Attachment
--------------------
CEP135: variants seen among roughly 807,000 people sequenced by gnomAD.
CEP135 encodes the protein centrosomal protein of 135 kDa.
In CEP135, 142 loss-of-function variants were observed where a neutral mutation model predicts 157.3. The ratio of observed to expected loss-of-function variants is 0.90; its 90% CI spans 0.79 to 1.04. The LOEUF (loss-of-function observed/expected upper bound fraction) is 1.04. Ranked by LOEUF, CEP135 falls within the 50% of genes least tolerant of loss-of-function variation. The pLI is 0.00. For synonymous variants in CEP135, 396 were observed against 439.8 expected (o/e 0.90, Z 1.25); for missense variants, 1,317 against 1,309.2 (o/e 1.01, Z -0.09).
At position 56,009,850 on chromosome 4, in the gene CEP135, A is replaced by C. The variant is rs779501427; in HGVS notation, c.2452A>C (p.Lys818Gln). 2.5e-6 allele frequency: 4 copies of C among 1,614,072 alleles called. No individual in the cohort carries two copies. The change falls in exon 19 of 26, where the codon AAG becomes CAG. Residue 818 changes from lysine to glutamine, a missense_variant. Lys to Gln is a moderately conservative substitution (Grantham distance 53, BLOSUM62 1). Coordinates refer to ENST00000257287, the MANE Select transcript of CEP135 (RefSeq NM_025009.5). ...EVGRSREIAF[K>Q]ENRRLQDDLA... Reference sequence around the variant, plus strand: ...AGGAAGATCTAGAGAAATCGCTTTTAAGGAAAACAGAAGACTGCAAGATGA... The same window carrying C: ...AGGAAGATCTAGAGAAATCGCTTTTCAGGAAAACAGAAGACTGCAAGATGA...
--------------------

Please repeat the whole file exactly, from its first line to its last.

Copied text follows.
CEP135: variants seen among roughly 807,000 people sequenced by gnomAD.
CEP135 encodes the protein centrosomal protein of 135 kDa.
In CEP135, 142 loss-of-function variants were observed where a neutral mutation model predicts 157.3. The ratio of observed to expected loss-of-function variants is 0.90; its 90% CI spans 0.79 to 1.04. The LOEUF (loss-of-function observed/expected upper bound fraction) is 1.04. Ranked by LOEUF, CEP135 falls within the 50% of genes least tolerant of loss-of-function variation. The pLI is 0.00. For synonymous variants in CEP135, 396 were observed against 439.8 expected (o/e 0.90, Z 1.25); for missense variants, 1,317 against 1,309.2 (o/e 1.01, Z -0.09).
At position 56,009,850 on chromosome 4, in the gene CEP135, A is replaced by C. The variant is rs779501427; in HGVS notation, c.2452A>C (p.Lys818Gln). 2.5e-6 allele frequency: 4 copies of C among 1,614,072 alleles called. No individual in the cohort carries two copies. The change falls in exon 19 of 26, where the codon AAG becomes CAG. Residue 818 changes from lysine to glutamine, a missense_variant. Lys to Gln is a moderately conservative substitution (Grantham distance 53, BLOSUM62 1). Coordinates refer to ENST00000257287, the MANE Select transcript of CEP135 (RefSeq NM_025009.5). ...EVGRSREIAF[K>Q]ENRRLQDDLA... Reference sequence around the variant, plus strand: ...AGGAAGATCTAGAGAAATCGCTTTTAAGGAAAACAGAAGACTGCAAGATGA... The same window carrying C: ...AGGAAGATCTAGAGAAATCGCTTTTCAGGAAAACAGAAGACTGCAAGATGA...